Geothermal is a hot solution for reducing heating bills

August 26, 2015

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Felicity and Kalvin Hicks will discuss advances in geothermal and hydronic heating technology at Henty.

Using the earth’s constant temperature and simple heating principles, a home’s energy costs for heating, cooling and hot water can be more than halved.

Hicks Hydronics have developed a heating system adopting central heating principles from the Roman times, coupled with sourcing the latest technology in refrigerative heating and cooling to provide some of the most energy efficient heating solutions available.

With the use of geothermal heat pumps to provide heating, hot water and cooling, the systems are so versatile they can be applied to homes, commercial premises, swimming pools or even a horse stable.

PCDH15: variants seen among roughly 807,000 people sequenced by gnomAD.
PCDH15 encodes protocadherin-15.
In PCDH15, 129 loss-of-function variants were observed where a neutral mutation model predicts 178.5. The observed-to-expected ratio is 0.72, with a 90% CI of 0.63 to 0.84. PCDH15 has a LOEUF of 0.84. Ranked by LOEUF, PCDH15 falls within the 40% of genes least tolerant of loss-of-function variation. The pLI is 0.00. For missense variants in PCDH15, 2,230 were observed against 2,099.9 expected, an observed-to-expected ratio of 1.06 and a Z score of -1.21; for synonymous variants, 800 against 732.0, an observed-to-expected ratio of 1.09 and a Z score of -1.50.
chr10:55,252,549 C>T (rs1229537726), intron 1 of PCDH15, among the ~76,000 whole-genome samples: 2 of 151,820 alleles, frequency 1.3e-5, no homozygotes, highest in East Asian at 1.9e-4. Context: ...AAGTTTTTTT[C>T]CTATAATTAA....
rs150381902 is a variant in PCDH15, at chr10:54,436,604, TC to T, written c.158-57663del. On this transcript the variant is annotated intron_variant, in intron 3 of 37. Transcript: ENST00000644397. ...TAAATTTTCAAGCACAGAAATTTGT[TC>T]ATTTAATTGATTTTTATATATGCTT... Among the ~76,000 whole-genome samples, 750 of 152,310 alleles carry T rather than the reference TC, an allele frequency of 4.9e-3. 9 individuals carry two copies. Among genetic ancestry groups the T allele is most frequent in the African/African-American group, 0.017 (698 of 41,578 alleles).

There are different installation methods for drawing on the earth’s natural warmth to suit different properties.

The heat can be drawn from submerged slinky loops in a dam, from the earth in a vertical or horizontal closed circuit ground loop or even direct from an open loop in a borehole.

Regardless of the method of installation, the geothermal heat pump units have the ability to produce up to 5KW of heat for every 1KW of power it consumes.

The general mechanics of how each different geothermal heating system works is pipework in the ground or a dam works to exchange heat between the earth and a refrigerative gas.

The temperature of the earth is what causes the refrigerant to change from ambient to thermal temperature and subsequently changes the refrigerant’s form creating a mass of heat energy, which is harnessed for hot water and central hydronic heating.

This heat exchange process can be direct with the refrigerant running through copper pipework in the ground, or it can be indirect with water flowing through poly pipework exchange heat with the earth and then delivered to the refrigerant.

This process is reversed for cooling applications.

Kalvin Hicks, of Hicks Hydronics, Wodonga, will be at the Henty Machinery Field Days at site R86a to discuss in detail the advances in geothermal and hydronic heating technology.